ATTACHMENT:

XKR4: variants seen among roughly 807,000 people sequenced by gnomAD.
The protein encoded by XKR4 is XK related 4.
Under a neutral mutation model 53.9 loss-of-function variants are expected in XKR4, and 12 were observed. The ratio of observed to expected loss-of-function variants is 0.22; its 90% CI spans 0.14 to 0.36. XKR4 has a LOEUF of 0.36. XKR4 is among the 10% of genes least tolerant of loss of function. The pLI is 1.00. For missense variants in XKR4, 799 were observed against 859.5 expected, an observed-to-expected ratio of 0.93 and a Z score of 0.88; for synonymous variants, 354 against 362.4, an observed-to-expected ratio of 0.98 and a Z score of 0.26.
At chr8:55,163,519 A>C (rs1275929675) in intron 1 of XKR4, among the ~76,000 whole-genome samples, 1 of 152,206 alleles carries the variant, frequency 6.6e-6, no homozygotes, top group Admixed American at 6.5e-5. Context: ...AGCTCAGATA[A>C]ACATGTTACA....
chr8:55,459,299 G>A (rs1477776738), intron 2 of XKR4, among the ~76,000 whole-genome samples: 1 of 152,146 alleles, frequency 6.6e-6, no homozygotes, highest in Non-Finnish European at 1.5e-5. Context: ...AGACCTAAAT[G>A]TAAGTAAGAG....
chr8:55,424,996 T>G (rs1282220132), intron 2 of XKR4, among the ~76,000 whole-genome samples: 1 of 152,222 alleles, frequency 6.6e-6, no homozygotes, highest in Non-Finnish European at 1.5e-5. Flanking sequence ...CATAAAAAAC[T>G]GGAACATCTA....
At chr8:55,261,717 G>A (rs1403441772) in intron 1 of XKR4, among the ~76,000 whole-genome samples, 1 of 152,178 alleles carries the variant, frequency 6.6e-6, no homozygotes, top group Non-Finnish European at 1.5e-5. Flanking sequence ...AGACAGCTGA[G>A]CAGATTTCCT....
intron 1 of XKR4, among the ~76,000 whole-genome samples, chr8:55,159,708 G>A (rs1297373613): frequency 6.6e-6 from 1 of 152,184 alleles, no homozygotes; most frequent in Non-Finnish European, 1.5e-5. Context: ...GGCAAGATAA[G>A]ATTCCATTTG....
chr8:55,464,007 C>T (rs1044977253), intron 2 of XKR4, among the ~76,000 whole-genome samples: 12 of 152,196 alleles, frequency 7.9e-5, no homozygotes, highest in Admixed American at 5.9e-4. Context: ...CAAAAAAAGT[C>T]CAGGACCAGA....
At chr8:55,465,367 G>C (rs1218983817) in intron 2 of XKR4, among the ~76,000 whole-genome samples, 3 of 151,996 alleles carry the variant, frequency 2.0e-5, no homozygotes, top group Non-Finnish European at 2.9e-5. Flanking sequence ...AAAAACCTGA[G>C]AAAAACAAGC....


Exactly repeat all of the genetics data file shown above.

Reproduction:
XKR4: variants seen among roughly 807,000 people sequenced by gnomAD.
The protein encoded by XKR4 is XK related 4.
Under a neutral mutation model 53.9 loss-of-function variants are expected in XKR4, and 12 were observed. The ratio of observed to expected loss-of-function variants is 0.22; its 90% CI spans 0.14 to 0.36. XKR4 has a LOEUF of 0.36. XKR4 is among the 10% of genes least tolerant of loss of function. The pLI is 1.00. For missense variants in XKR4, 799 were observed against 859.5 expected, an observed-to-expected ratio of 0.93 and a Z score of 0.88; for synonymous variants, 354 against 362.4, an observed-to-expected ratio of 0.98 and a Z score of 0.26.
At chr8:55,163,519 A>C (rs1275929675) in intron 1 of XKR4, among the ~76,000 whole-genome samples, 1 of 152,206 alleles carries the variant, frequency 6.6e-6, no homozygotes, top group Admixed American at 6.5e-5. Context: ...AGCTCAGATA[A>C]ACATGTTACA....
chr8:55,459,299 G>A (rs1477776738), intron 2 of XKR4, among the ~76,000 whole-genome samples: 1 of 152,146 alleles, frequency 6.6e-6, no homozygotes, highest in Non-Finnish European at 1.5e-5. Context: ...AGACCTAAAT[G>A]TAAGTAAGAG....
chr8:55,424,996 T>G (rs1282220132), intron 2 of XKR4, among the ~76,000 whole-genome samples: 1 of 152,222 alleles, frequency 6.6e-6, no homozygotes, highest in Non-Finnish European at 1.5e-5. Flanking sequence ...CATAAAAAAC[T>G]GGAACATCTA....
At chr8:55,261,717 G>A (rs1403441772) in intron 1 of XKR4, among the ~76,000 whole-genome samples, 1 of 152,178 alleles carries the variant, frequency 6.6e-6, no homozygotes, top group Non-Finnish European at 1.5e-5. Flanking sequence ...AGACAGCTGA[G>A]CAGATTTCCT....
intron 1 of XKR4, among the ~76,000 whole-genome samples, chr8:55,159,708 G>A (rs1297373613): frequency 6.6e-6 from 1 of 152,184 alleles, no homozygotes; most frequent in Non-Finnish European, 1.5e-5. Context: ...GGCAAGATAA[G>A]ATTCCATTTG....
chr8:55,464,007 C>T (rs1044977253), intron 2 of XKR4, among the ~76,000 whole-genome samples: 12 of 152,196 alleles, frequency 7.9e-5, no homozygotes, highest in Admixed American at 5.9e-4. Context: ...CAAAAAAAGT[C>T]CAGGACCAGA....
At chr8:55,465,367 G>C (rs1218983817) in intron 2 of XKR4, among the ~76,000 whole-genome samples, 3 of 151,996 alleles carry the variant, frequency 2.0e-5, no homozygotes, top group Non-Finnish European at 2.9e-5. Flanking sequence ...AAAAACCTGA[G>C]AAAAACAAGC....